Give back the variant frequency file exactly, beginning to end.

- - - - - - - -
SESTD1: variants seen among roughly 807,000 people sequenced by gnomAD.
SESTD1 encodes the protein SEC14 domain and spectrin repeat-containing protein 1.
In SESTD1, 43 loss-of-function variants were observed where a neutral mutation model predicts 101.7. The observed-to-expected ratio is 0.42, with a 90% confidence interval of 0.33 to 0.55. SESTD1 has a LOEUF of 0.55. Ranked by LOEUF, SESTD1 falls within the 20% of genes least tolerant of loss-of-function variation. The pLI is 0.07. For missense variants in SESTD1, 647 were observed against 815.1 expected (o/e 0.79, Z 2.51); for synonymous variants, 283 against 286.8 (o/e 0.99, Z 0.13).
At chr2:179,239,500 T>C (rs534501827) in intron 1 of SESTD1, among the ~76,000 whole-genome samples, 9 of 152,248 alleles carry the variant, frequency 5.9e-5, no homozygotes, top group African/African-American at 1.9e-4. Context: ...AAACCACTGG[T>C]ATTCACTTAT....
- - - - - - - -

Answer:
SESTD1: variants seen among roughly 807,000 people sequenced by gnomAD.
SESTD1 encodes the protein SEC14 domain and spectrin repeat-containing protein 1.
In SESTD1, 43 loss-of-function variants were observed where a neutral mutation model predicts 101.7. The observed-to-expected ratio is 0.42, with a 90% confidence interval of 0.33 to 0.55. SESTD1 has a LOEUF of 0.55. Ranked by LOEUF, SESTD1 falls within the 20% of genes least tolerant of loss-of-function variation. The pLI is 0.07. For missense variants in SESTD1, 647 were observed against 815.1 expected (o/e 0.79, Z 2.51); for synonymous variants, 283 against 286.8 (o/e 0.99, Z 0.13).
At chr2:179,239,500 T>C (rs534501827) in intron 1 of SESTD1, among the ~76,000 whole-genome samples, 9 of 152,248 alleles carry the variant, frequency 5.9e-5, no homozygotes, top group African/African-American at 1.9e-4. Context: ...AAACCACTGG[T>C]ATTCACTTAT....